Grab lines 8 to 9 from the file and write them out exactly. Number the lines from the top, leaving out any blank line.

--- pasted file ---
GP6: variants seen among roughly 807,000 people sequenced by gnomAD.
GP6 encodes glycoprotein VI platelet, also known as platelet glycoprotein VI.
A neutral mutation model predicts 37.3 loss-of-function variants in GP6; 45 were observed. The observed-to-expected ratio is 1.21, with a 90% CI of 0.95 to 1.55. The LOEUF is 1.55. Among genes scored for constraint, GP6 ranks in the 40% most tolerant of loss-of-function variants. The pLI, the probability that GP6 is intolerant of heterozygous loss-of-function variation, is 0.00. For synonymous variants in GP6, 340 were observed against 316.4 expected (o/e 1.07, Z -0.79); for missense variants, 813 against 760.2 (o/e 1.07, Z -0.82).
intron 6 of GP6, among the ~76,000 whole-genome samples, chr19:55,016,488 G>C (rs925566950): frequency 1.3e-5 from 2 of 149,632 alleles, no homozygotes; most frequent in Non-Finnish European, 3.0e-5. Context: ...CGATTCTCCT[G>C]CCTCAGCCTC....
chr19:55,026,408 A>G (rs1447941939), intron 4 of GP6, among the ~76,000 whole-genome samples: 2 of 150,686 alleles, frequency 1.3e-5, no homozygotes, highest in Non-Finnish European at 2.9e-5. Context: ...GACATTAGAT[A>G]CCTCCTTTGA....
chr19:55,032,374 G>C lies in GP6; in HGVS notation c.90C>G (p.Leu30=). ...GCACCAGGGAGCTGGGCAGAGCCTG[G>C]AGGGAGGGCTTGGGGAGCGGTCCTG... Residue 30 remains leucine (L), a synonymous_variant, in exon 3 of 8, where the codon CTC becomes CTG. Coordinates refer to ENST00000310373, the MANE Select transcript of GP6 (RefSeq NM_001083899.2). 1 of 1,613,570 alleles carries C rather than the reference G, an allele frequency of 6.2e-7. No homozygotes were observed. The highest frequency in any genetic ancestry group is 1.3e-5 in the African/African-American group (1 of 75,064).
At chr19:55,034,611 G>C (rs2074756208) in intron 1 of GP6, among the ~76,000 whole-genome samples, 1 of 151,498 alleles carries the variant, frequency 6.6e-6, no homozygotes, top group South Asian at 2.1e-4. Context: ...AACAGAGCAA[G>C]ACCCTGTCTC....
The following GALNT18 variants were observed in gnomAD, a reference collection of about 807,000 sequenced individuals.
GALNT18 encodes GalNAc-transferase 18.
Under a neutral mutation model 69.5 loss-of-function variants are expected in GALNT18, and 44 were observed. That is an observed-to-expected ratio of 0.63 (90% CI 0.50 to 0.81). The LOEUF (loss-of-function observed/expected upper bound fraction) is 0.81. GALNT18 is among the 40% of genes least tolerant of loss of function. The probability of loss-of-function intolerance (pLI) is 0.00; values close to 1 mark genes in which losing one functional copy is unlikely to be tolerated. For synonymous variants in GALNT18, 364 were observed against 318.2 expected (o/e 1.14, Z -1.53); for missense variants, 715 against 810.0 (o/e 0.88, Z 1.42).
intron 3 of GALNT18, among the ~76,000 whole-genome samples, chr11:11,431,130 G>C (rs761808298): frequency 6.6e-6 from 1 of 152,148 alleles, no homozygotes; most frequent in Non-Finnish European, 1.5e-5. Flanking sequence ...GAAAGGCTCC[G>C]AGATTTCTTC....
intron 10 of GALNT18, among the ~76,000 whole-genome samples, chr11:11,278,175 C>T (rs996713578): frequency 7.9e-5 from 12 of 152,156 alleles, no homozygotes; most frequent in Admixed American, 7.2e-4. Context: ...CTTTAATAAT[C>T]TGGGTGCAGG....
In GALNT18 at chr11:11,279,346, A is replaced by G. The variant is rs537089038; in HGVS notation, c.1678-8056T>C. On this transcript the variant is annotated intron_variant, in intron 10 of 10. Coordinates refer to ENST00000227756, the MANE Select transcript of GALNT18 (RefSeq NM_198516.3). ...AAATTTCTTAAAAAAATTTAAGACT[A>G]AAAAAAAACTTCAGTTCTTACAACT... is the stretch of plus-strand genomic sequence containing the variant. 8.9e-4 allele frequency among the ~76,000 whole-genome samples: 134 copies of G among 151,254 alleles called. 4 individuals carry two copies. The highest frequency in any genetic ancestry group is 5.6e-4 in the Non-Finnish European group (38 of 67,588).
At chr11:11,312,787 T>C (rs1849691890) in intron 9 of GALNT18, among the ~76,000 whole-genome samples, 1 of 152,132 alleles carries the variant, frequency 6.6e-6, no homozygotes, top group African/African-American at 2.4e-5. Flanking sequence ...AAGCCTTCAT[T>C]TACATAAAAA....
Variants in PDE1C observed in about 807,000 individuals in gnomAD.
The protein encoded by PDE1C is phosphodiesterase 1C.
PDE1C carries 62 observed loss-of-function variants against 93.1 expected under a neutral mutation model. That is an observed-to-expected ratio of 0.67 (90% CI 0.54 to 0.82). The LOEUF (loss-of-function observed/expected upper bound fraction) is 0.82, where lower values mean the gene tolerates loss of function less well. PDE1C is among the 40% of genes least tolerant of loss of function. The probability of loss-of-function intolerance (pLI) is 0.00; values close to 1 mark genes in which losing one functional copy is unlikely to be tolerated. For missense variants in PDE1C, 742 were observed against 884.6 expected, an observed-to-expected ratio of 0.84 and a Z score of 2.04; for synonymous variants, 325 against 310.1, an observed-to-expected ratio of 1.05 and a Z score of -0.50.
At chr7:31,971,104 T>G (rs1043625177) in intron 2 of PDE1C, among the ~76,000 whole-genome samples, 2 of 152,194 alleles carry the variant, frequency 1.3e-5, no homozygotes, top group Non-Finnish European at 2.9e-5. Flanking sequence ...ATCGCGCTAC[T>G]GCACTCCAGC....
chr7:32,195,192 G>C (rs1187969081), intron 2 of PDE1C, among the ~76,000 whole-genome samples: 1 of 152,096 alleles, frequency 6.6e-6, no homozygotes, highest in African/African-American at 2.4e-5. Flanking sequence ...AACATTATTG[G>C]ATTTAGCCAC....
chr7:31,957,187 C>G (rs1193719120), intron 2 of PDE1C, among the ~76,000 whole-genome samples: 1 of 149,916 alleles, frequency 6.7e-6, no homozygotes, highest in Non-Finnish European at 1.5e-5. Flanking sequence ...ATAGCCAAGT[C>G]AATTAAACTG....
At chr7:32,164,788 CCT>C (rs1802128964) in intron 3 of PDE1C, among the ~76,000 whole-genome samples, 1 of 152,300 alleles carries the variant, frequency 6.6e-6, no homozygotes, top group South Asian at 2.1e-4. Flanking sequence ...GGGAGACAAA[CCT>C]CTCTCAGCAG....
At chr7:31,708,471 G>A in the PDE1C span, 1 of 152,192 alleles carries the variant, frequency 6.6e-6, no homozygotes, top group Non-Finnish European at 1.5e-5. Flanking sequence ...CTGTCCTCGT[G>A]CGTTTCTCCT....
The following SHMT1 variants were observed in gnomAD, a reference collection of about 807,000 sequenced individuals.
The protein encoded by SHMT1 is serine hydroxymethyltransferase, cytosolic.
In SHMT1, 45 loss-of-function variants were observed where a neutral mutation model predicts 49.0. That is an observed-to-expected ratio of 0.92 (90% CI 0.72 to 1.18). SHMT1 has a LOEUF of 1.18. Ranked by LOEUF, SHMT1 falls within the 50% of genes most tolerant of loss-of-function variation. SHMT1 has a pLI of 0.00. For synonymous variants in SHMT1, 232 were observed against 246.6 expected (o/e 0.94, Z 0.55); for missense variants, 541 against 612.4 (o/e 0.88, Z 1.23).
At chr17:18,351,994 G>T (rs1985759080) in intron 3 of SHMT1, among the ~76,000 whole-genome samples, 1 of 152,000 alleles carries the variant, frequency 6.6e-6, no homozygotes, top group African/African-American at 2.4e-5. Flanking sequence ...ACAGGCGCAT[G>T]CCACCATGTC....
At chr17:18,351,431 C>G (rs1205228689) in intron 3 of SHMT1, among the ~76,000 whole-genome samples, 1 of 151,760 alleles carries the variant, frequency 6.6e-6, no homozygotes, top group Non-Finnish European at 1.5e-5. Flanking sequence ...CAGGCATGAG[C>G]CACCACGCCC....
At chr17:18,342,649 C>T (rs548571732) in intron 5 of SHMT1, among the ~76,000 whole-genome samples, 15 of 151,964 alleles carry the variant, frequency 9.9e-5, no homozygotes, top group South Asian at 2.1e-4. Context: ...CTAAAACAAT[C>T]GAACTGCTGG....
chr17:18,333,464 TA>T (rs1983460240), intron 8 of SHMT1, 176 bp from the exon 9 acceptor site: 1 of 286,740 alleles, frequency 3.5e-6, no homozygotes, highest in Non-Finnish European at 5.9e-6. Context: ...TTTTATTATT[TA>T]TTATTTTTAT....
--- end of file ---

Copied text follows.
The following GALNT18 variants were observed in gnomAD, a reference collection of about 807,000 sequenced individuals.
GALNT18 encodes GalNAc-transferase 18.